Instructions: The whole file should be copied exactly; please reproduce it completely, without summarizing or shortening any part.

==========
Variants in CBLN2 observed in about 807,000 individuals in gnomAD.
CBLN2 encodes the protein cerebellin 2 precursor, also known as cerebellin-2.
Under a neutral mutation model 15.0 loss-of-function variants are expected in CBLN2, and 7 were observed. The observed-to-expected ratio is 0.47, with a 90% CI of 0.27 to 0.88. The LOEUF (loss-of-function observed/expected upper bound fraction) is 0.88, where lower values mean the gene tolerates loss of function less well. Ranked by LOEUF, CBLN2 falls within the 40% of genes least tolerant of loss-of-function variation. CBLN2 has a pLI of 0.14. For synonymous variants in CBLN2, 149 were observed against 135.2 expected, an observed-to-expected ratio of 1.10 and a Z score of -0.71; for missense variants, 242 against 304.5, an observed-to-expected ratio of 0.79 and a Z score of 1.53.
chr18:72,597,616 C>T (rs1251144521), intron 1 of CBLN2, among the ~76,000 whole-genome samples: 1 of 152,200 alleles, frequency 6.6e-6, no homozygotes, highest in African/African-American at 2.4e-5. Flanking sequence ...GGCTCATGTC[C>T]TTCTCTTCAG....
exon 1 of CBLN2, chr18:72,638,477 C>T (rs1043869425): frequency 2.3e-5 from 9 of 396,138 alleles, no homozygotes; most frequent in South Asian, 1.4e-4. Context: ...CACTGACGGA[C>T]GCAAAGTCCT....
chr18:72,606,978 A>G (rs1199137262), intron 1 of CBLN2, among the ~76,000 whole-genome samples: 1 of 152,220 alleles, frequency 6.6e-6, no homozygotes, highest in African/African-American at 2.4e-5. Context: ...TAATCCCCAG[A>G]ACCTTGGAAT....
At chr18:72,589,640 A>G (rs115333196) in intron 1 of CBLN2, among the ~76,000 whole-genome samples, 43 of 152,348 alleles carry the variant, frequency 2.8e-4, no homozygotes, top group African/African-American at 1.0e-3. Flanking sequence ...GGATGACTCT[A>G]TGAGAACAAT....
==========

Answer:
Variants in CBLN2 observed in about 807,000 individuals in gnomAD.
CBLN2 encodes the protein cerebellin 2 precursor, also known as cerebellin-2.
Under a neutral mutation model 15.0 loss-of-function variants are expected in CBLN2, and 7 were observed. The observed-to-expected ratio is 0.47, with a 90% CI of 0.27 to 0.88. The LOEUF (loss-of-function observed/expected upper bound fraction) is 0.88, where lower values mean the gene tolerates loss of function less well. Ranked by LOEUF, CBLN2 falls within the 40% of genes least tolerant of loss-of-function variation. CBLN2 has a pLI of 0.14. For synonymous variants in CBLN2, 149 were observed against 135.2 expected, an observed-to-expected ratio of 1.10 and a Z score of -0.71; for missense variants, 242 against 304.5, an observed-to-expected ratio of 0.79 and a Z score of 1.53.
chr18:72,597,616 C>T (rs1251144521), intron 1 of CBLN2, among the ~76,000 whole-genome samples: 1 of 152,200 alleles, frequency 6.6e-6, no homozygotes, highest in African/African-American at 2.4e-5. Flanking sequence ...GGCTCATGTC[C>T]TTCTCTTCAG....
exon 1 of CBLN2, chr18:72,638,477 C>T (rs1043869425): frequency 2.3e-5 from 9 of 396,138 alleles, no homozygotes; most frequent in South Asian, 1.4e-4. Context: ...CACTGACGGA[C>T]GCAAAGTCCT....
chr18:72,606,978 A>G (rs1199137262), intron 1 of CBLN2, among the ~76,000 whole-genome samples: 1 of 152,220 alleles, frequency 6.6e-6, no homozygotes, highest in African/African-American at 2.4e-5. Context: ...TAATCCCCAG[A>G]ACCTTGGAAT....
At chr18:72,589,640 A>G (rs115333196) in intron 1 of CBLN2, among the ~76,000 whole-genome samples, 43 of 152,348 alleles carry the variant, frequency 2.8e-4, no homozygotes, top group African/African-American at 1.0e-3. Flanking sequence ...GGATGACTCT[A>G]TGAGAACAAT....